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Philippians 3:20

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A friend of mine writes:

“I have summarily rejected the lexical definitions of apekdechomai, taking,
instead, the meaning of the verb dechomai, and adding the meanings of the added
prefixes.  This is just for your consideration.  It gives the verse a very
different meaning.

Phil. 3:20

“For you see, our citizenship (result of living in a free city; or: commonwealth
– realm of a free city; political realm) continues inherently existing (or:
continues humbly ruling; continuously subsists; repeatedly has its
under-beginning) resident within the midst of [the] atmospheres (or: heavens),
from out of where (or: which place) we also continuously receive and take away
in our hands from out of a Deliverer (a Savior; One restoring us to the health
and wholeness of our original state and condition): [the] Lord (or: a Master),
Jesus Christ,”

The hi-lited clause renders the Greek verb “apo-ek-dechometha.”  Dechometha is
the 1st per. pl. present tense of “dechomai,” with two prepositions prefixed to
it.  Dechomai means: to take into one’s hands (first meaning); to receive
(second meaning); to accept (third meaning).  Do you see any “waiting” in this
word?

apo means: away; away from; off.  ek means: from out of; out of the midst of.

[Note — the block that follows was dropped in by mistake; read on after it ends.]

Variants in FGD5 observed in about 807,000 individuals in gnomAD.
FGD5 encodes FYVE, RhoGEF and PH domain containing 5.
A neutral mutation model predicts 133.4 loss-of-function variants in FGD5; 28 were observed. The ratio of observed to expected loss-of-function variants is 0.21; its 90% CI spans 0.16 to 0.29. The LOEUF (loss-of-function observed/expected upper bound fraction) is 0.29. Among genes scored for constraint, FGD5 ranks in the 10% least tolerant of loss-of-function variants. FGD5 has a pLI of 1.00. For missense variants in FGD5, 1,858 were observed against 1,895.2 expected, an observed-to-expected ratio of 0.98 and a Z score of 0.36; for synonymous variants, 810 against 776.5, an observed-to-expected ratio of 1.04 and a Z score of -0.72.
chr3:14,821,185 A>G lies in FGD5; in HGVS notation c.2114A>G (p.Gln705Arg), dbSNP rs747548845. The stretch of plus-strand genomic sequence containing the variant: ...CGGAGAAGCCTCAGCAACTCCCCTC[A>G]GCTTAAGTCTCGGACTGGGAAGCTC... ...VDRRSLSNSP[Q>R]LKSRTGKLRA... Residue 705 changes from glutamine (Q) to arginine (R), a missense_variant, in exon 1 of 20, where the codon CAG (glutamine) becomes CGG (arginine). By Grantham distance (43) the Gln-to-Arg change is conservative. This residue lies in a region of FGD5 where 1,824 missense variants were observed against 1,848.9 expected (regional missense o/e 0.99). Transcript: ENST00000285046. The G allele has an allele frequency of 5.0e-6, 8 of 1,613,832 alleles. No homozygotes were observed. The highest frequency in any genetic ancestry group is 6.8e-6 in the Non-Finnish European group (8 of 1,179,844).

Add these two modifiers to the above verb, and you get my translation.

As you know, traditions die hard.  Liddell and Scott list apek as a preposition:
away/from out of.

In a separate entry, a group of verbs are listed under apek-
apek-lanthanomai : to forget entirely (apek as an intensifier); to escape away
from out of (one’s) knowledge
apek-baino : to turn away and out
apek-ballo : to cast out and away
apek-bioo : to cease living (to be out and away from life)
apek-duomai : to strip off oneself
apek-luo : to relax, weaken
apek-ripto : to throw off and away
apek-teino : to draw off and away
apek-tasis : a spreading out and away

Now note that in all these cases the addition of this preposition to a verb
either works as an intensifier of the verb, or adds the meaning of the
preposition to the verb.  So why not with apek-dechomai?”
I see that only two of his examples are deponent as is APEKDEXOMAI and their
stems are active.
LANQANW for APEKLANQANOMAI
EKDUW for APEKDUOMAI?

APEKDEXOMAI has a deponent for it’s stem. Since it has a middle/passive form to
begin with might this may affect the meaning of the preposition/s APEK.

I’ve also pointed out that the Latin text translates APEKDEXOMAI with
“exspecto” at Phil. 3:20 as well as the other seven places noted in BDAG.

What factors influence how this word is understood?

T. Scott Lawson

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